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Here's how the MTA is working to solve its subway trash problem

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Trash causes delays, but how do you get rid of the trash?

MTA employees clean subway tracks as part of the agency’s Operation Track Sweep program.
Marc A. Hermann / MTA New York City Transit

This week, the New York City subway was snarled twice in one day when track fires affected service for both the morning and the evening commutes. And in at least one case, the fire started due to a very persistent and pesky problem: trash on the tracks. According to the New York Daily News, there was at least 30 feet of unspecified refuse on the tracks near the 145th Street station, which led to the morning’s fire—and, ultimately, the hours of delays that followed.

The amount of trash that is in the subway system is staggering; the MTA removes as much as 40 tons of garbage (!) on a daily basis, and there are more than 3,500 trash cans throughout the transit system. And as commuters know, just because that much trash is removed doesn’t mean that every subway station is clean—yesterday’s fires are proof. “I want to get to the point where we have no fires in the system,” MTA chairman Joe Lhota told reporters yesterday. “These fires all start with trash being thrown down there.”

Last year, the MTA sought to address that problem by implementing a program called Operation Track Sweep, which is being rolled out in phases that include increasing how often stations are cleaned, and a 500-person-strong effort to remove trash from every subway station.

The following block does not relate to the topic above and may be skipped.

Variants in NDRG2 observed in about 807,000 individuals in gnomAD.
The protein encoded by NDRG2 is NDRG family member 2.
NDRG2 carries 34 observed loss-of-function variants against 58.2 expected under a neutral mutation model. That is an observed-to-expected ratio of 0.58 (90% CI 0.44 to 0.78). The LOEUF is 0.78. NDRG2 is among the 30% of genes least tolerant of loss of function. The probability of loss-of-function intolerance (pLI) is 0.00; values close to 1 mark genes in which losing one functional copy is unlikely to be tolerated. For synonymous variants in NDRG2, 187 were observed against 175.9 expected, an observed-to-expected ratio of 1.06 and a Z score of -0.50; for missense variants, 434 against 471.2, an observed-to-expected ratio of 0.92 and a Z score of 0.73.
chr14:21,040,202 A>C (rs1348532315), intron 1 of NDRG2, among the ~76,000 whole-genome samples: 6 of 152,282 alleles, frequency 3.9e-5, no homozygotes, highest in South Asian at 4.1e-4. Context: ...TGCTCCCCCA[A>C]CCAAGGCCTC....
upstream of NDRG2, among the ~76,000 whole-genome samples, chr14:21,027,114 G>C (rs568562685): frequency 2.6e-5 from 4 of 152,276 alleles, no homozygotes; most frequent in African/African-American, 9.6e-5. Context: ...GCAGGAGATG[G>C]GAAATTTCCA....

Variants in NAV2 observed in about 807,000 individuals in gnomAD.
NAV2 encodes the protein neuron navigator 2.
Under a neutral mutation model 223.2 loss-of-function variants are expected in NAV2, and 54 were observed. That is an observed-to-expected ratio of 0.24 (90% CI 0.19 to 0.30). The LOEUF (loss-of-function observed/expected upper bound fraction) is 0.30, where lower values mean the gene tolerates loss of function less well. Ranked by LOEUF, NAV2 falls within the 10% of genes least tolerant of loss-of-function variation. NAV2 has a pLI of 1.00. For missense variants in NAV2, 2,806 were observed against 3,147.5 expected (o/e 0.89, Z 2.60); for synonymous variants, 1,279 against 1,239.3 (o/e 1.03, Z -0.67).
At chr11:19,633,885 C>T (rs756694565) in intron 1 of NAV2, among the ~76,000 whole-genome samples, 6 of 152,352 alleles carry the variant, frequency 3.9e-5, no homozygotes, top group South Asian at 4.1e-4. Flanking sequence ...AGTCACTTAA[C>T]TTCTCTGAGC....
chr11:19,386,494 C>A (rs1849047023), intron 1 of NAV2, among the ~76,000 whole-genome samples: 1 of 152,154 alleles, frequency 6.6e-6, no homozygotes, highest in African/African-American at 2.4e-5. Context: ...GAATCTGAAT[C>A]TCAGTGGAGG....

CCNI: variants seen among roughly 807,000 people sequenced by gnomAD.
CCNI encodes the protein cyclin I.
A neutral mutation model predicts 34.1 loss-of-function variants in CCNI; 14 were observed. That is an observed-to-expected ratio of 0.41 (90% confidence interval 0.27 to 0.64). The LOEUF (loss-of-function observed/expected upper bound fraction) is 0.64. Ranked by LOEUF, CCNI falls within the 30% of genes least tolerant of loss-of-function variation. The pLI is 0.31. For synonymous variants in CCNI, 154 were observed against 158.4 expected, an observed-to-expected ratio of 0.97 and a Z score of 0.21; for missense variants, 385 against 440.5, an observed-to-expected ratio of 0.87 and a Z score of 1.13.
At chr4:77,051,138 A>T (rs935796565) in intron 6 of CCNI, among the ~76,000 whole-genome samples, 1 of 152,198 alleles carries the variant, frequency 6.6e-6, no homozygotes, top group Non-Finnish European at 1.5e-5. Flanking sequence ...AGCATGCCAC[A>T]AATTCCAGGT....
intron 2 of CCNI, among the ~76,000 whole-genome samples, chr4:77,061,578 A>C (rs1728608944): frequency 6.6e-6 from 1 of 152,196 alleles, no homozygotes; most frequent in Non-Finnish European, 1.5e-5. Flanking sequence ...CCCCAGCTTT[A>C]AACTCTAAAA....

Possibly the most fascinating component is the use of mobile vacuums, which can gobble up to 14 cubic yards of trash per day—since the MTA began using them last year, they’ve helped remove more than 400 tons of trash total. The MTA says that this has led to a decline in track fires since the beginning of the year—there were 53 in June compared to 75 in January.

Larger vacuum trains will be rolled out later this year, but for now, portable ones have been in use in Queens and Manhattan, and you can get a peek at how they work in the video below:

Still, as yesterday’s events showed, this type of maintenance is key—and occasionally, more pressing issues come up. John Samuelsen, the president of Transport Workers Union Local 100 noted that “the recent derailment might have shifted priorities … with supervisors putting possible track defect repairs above routine housekeeping.”

But clearly, trash isn’t an issue the MTA can take lightly. In a statement, Lhota acknowledged the problem, and said that “we will do a better job, and we're working every single day to deliver on that promise. … The urgency to improve service is felt throughout the MTA and that's why we're moving so fast to implement new technologies to deliver for customers.”

(This is also a good reminder to commuters: use trash cans! They’re there for a reason! Do it before the MTA bans food in the subway system altogether!)